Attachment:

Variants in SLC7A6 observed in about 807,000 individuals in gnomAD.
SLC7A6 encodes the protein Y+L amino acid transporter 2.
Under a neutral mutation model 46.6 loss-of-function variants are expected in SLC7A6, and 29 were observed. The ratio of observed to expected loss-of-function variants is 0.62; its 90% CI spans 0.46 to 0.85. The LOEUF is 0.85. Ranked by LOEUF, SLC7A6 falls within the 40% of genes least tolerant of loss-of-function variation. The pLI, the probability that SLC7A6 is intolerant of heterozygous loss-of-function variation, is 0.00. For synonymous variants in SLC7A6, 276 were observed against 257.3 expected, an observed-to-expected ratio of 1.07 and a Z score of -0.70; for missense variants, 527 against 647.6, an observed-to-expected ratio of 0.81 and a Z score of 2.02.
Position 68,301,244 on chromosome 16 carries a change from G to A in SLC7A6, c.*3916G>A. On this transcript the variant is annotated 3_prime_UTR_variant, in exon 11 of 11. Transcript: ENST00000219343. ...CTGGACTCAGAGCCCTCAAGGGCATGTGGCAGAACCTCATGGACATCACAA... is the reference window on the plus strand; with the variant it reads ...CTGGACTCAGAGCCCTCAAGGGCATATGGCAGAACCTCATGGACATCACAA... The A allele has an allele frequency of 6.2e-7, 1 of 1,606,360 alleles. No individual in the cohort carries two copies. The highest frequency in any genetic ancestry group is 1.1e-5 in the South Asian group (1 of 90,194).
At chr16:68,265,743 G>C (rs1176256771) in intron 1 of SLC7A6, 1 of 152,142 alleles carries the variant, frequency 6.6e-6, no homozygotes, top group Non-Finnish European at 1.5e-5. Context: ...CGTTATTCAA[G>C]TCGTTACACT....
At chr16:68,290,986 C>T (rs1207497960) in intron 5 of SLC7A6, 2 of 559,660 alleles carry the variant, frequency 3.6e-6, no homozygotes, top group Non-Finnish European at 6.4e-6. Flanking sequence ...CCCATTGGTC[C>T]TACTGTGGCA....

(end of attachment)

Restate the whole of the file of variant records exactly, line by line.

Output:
Variants in SLC7A6 observed in about 807,000 individuals in gnomAD.
SLC7A6 encodes the protein Y+L amino acid transporter 2.
Under a neutral mutation model 46.6 loss-of-function variants are expected in SLC7A6, and 29 were observed. The ratio of observed to expected loss-of-function variants is 0.62; its 90% CI spans 0.46 to 0.85. The LOEUF is 0.85. Ranked by LOEUF, SLC7A6 falls within the 40% of genes least tolerant of loss-of-function variation. The pLI, the probability that SLC7A6 is intolerant of heterozygous loss-of-function variation, is 0.00. For synonymous variants in SLC7A6, 276 were observed against 257.3 expected, an observed-to-expected ratio of 1.07 and a Z score of -0.70; for missense variants, 527 against 647.6, an observed-to-expected ratio of 0.81 and a Z score of 2.02.
Position 68,301,244 on chromosome 16 carries a change from G to A in SLC7A6, c.*3916G>A. On this transcript the variant is annotated 3_prime_UTR_variant, in exon 11 of 11. Transcript: ENST00000219343. ...CTGGACTCAGAGCCCTCAAGGGCATGTGGCAGAACCTCATGGACATCACAA... is the reference window on the plus strand; with the variant it reads ...CTGGACTCAGAGCCCTCAAGGGCATATGGCAGAACCTCATGGACATCACAA... The A allele has an allele frequency of 6.2e-7, 1 of 1,606,360 alleles. No individual in the cohort carries two copies. The highest frequency in any genetic ancestry group is 1.1e-5 in the South Asian group (1 of 90,194).
At chr16:68,265,743 G>C (rs1176256771) in intron 1 of SLC7A6, 1 of 152,142 alleles carries the variant, frequency 6.6e-6, no homozygotes, top group Non-Finnish European at 1.5e-5. Context: ...CGTTATTCAA[G>C]TCGTTACACT....
At chr16:68,290,986 C>T (rs1207497960) in intron 5 of SLC7A6, 2 of 559,660 alleles carry the variant, frequency 3.6e-6, no homozygotes, top group Non-Finnish European at 6.4e-6. Flanking sequence ...CCCATTGGTC[C>T]TACTGTGGCA....